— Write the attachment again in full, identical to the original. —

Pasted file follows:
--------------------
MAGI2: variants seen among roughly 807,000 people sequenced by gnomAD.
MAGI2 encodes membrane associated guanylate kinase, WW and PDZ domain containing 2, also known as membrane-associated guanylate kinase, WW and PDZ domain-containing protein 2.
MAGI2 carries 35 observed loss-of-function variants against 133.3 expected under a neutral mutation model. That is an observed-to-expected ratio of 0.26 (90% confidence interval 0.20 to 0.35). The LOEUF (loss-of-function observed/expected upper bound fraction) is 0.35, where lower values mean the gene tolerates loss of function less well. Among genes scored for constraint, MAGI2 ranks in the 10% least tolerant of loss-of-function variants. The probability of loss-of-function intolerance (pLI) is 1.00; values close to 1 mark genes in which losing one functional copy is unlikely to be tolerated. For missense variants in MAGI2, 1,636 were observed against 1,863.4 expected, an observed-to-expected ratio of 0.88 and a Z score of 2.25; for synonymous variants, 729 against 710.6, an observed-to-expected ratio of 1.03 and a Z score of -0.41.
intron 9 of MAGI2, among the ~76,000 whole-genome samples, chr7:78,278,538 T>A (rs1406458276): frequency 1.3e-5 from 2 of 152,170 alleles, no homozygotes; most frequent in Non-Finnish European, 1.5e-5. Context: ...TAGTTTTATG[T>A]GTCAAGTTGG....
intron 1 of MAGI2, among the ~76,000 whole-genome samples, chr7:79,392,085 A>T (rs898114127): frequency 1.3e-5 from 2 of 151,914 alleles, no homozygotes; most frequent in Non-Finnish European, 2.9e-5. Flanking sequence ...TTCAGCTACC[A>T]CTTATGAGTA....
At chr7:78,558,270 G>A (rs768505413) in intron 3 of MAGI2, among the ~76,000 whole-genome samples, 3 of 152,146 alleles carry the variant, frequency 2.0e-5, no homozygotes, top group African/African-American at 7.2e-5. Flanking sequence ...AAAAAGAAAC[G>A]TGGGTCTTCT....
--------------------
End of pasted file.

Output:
MAGI2: variants seen among roughly 807,000 people sequenced by gnomAD.
MAGI2 encodes membrane associated guanylate kinase, WW and PDZ domain containing 2, also known as membrane-associated guanylate kinase, WW and PDZ domain-containing protein 2.
MAGI2 carries 35 observed loss-of-function variants against 133.3 expected under a neutral mutation model. That is an observed-to-expected ratio of 0.26 (90% confidence interval 0.20 to 0.35). The LOEUF (loss-of-function observed/expected upper bound fraction) is 0.35, where lower values mean the gene tolerates loss of function less well. Among genes scored for constraint, MAGI2 ranks in the 10% least tolerant of loss-of-function variants. The probability of loss-of-function intolerance (pLI) is 1.00; values close to 1 mark genes in which losing one functional copy is unlikely to be tolerated. For missense variants in MAGI2, 1,636 were observed against 1,863.4 expected, an observed-to-expected ratio of 0.88 and a Z score of 2.25; for synonymous variants, 729 against 710.6, an observed-to-expected ratio of 1.03 and a Z score of -0.41.
intron 9 of MAGI2, among the ~76,000 whole-genome samples, chr7:78,278,538 T>A (rs1406458276): frequency 1.3e-5 from 2 of 152,170 alleles, no homozygotes; most frequent in Non-Finnish European, 1.5e-5. Context: ...TAGTTTTATG[T>A]GTCAAGTTGG....
intron 1 of MAGI2, among the ~76,000 whole-genome samples, chr7:79,392,085 A>T (rs898114127): frequency 1.3e-5 from 2 of 151,914 alleles, no homozygotes; most frequent in Non-Finnish European, 2.9e-5. Flanking sequence ...TTCAGCTACC[A>T]CTTATGAGTA....
At chr7:78,558,270 G>A (rs768505413) in intron 3 of MAGI2, among the ~76,000 whole-genome samples, 3 of 152,146 alleles carry the variant, frequency 2.0e-5, no homozygotes, top group African/African-American at 7.2e-5. Flanking sequence ...AAAAAGAAAC[G>A]TGGGTCTTCT....